When interest capitalizes, the lender adds the accrued interest to your total loan amount. As a result, the loan grows, increasing the interest charges. 

Here’s an example of how capitalization affects the total cost of a loan. The following amounts are how much you would owe upon graduation. The calculations don’t account for interest that accrues after graduation. The total interest charges are thousands of dollars higher than the capitalized interest amounts below. 

Loan detailsTotal loan amount after capitalizationInterest charges
$10,000 at 5.5% interest and  capitalization after 4 years$12,724.36$2,724.36
$12,000 at 7% interest and interest-only payments for 4 years$12,000$0

Interest capitalization can make the cost of a loan skyrocket. 

Sallie Mae, one of the largest private student loan lenders, estimates that borrowers can reduce their total loan cost by 6% with fixed payments throughout school or 13% with interest-only payments. 

Our expert’s advice

Crystal Rau


A student loan is there not to cover the entire cost of your education in most cases, so consider how you can supplement the income you need while going to school or reduce your overall expenses to perhaps not use the entire loan. This can be through the use of work-study programs, applying for scholarships, or even a regular part-time job. This extra income (or reduction of expenses) can go toward your student loan even while you’re in school. It’s your job to be informed and understand how much interest is accruing on your student loan monthly or even daily. Try your best to make a payment on that interest (or more toward the principal), and you won’t have any surprises after your classes end. The same is true when you come across a chunk of money, such as a tax refund or overtime hours earned. Throw those extra funds into your loan. Your future self will thank you.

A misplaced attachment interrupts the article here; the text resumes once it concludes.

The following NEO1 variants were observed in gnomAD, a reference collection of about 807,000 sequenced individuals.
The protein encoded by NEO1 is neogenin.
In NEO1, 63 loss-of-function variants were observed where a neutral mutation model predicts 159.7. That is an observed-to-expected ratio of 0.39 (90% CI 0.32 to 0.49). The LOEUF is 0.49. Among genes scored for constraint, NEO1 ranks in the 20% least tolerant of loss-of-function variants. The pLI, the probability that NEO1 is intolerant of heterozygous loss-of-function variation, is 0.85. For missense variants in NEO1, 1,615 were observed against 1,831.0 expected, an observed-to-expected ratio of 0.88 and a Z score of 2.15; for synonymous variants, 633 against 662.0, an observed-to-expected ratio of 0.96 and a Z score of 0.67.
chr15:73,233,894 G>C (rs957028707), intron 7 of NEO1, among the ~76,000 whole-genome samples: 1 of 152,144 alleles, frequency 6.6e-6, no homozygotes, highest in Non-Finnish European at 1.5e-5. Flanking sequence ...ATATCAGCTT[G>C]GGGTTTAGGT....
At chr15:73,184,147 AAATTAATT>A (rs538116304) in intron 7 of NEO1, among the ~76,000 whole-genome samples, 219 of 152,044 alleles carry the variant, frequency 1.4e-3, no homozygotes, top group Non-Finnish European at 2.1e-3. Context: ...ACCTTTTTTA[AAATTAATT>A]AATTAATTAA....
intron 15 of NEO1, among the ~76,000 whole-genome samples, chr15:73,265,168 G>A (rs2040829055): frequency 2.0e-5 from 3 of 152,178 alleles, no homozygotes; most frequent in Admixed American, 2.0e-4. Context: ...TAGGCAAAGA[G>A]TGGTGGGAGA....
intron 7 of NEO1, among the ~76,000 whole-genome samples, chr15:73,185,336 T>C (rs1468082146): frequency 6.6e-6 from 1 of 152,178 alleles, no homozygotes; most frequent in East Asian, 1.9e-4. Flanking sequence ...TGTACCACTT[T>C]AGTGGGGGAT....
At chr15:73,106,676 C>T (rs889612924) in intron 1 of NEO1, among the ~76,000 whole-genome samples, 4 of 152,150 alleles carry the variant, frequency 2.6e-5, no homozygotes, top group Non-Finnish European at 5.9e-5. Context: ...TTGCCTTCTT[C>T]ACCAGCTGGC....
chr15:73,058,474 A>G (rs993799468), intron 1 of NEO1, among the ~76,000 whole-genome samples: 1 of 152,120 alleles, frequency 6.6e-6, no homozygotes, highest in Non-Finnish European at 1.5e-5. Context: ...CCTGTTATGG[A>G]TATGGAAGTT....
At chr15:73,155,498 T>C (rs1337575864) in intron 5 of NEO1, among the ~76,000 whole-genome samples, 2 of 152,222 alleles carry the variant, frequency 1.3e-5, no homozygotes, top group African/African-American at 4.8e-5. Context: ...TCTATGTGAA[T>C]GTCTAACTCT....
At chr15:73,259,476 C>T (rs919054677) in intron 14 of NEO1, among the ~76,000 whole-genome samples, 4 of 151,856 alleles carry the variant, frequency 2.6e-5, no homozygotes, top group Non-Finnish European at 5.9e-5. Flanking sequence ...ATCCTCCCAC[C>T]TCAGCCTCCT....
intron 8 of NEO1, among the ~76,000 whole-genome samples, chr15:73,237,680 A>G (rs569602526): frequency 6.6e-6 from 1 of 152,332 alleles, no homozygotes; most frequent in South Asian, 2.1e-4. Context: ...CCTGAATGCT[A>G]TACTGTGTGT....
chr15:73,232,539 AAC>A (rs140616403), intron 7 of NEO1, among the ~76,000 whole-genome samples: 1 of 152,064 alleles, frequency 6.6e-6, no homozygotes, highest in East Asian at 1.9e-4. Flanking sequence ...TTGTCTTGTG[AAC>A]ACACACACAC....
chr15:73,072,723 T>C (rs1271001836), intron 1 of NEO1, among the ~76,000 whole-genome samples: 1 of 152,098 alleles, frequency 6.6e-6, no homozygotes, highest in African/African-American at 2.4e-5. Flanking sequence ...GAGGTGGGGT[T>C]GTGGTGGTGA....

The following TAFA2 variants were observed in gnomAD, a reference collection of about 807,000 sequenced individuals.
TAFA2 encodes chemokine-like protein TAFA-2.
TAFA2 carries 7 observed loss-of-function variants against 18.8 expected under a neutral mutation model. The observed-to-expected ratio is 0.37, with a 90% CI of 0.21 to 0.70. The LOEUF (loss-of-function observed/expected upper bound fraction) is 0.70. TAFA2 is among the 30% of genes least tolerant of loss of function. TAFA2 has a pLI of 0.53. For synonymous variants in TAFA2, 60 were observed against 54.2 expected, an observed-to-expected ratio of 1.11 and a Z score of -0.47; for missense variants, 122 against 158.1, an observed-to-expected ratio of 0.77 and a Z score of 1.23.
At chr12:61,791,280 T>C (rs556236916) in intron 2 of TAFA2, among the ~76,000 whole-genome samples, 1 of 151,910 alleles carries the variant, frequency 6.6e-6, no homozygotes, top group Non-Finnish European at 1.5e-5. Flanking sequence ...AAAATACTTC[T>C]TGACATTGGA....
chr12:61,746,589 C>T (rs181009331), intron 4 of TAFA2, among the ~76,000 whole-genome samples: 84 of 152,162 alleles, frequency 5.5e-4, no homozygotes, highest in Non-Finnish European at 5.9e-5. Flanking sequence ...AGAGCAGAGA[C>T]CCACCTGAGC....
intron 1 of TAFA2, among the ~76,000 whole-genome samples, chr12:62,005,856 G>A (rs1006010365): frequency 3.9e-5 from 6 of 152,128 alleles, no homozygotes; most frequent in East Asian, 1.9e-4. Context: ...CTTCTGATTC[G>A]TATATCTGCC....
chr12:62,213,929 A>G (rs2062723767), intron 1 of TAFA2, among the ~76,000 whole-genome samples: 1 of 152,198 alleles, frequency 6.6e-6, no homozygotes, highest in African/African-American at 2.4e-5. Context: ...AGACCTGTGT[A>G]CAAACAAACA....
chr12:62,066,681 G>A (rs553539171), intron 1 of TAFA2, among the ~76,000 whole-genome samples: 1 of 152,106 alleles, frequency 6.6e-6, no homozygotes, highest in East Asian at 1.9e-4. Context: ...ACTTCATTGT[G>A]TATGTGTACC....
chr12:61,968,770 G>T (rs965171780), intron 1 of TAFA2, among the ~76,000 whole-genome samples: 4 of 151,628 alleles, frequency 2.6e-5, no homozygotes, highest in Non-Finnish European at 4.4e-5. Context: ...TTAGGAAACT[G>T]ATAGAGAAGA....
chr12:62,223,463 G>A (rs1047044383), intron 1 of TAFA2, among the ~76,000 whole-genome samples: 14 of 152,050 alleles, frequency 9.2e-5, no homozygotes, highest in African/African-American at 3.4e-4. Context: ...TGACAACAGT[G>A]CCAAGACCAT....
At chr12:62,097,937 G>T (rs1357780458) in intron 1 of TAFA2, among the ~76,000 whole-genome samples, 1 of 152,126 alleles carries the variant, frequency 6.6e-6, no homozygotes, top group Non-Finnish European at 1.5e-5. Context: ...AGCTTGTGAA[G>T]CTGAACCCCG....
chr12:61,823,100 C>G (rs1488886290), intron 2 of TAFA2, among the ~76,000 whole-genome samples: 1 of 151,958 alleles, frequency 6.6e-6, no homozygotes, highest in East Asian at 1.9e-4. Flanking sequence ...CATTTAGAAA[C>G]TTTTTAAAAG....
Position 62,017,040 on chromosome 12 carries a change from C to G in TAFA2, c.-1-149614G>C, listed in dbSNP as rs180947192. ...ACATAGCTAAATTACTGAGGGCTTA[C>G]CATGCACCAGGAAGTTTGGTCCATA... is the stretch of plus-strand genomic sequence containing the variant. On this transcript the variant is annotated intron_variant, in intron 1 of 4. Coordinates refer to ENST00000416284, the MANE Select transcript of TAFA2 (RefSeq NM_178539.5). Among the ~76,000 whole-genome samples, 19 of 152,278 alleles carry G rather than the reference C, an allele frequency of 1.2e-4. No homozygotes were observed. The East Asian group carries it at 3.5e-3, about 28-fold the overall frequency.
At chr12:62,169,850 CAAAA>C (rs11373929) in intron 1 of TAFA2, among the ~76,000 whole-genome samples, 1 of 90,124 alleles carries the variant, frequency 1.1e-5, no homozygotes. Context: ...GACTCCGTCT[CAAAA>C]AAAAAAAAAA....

How can you reduce interest accrued on student loans?

You can take several steps to reduce the interest accrued on your student loans. Here’s how. 

Interest-only payments while in school

Most lenders allow borrowers to make interest-only payments while the loan is in deferment. It might be tempting to make no payments if you don’t need to, but it can help you save thousands of dollars. 

Check out the examples below to see how much making interest-only payments could save.

In-school repaymentInitial loan & interestBalance at graduation
Interest-only$15,000 at 7%$15,000.00
Deferred (none)$15,000 at 7%$19,661.94 (+$4,661.94)

Fixed payments while in school

Borrowers can also choose to make fixed payments while in school. With private lenders, the payments are usually about $25 per month. Depending on your total loan amount, that might be more or less than what you accrue in interest each month. Either way, it reduces your total loan amount.

Estimates show that fixed payments while in school can reduce your total loan amount by 6%. For example, if you have a $10,000 loan that would grow to $12,000 by the time you graduate, you could reduce the growth by about $720.

Pick Subsidized Direct loans first

Selecting Subsidized Direct student loans before other loan options is one of the easiest ways to reduce the interest your loan accrues. Subsidized Loans don’t accrue interest while you’re in school. 

Because the lifetime limit for Subsidized Direct loans is $23,000, you might need other loans too. But if you have the option, picking Subsidized Loans first makes sense.

Consider refinancing after graduation

Students also have the option to refinance student loans, which can be useful if they qualify for a lower interest rate after graduation or can’t make payments toward the loan while they’re in school.

Check out the example below to see how much refinancing can save:  

ScenarioLoan & interest rateTotal interest paid
Original loan$20,000 at 9%$10,444.70
Refinance$20,000 at 7%$7,890.51

As you can see, refinancing can be an effective way to lower the total cost of the loan—but before you refinance federal loans, be sure you’re comfortable giving up federal benefits, such as access to loan forgiveness options and income-driven repayment plans.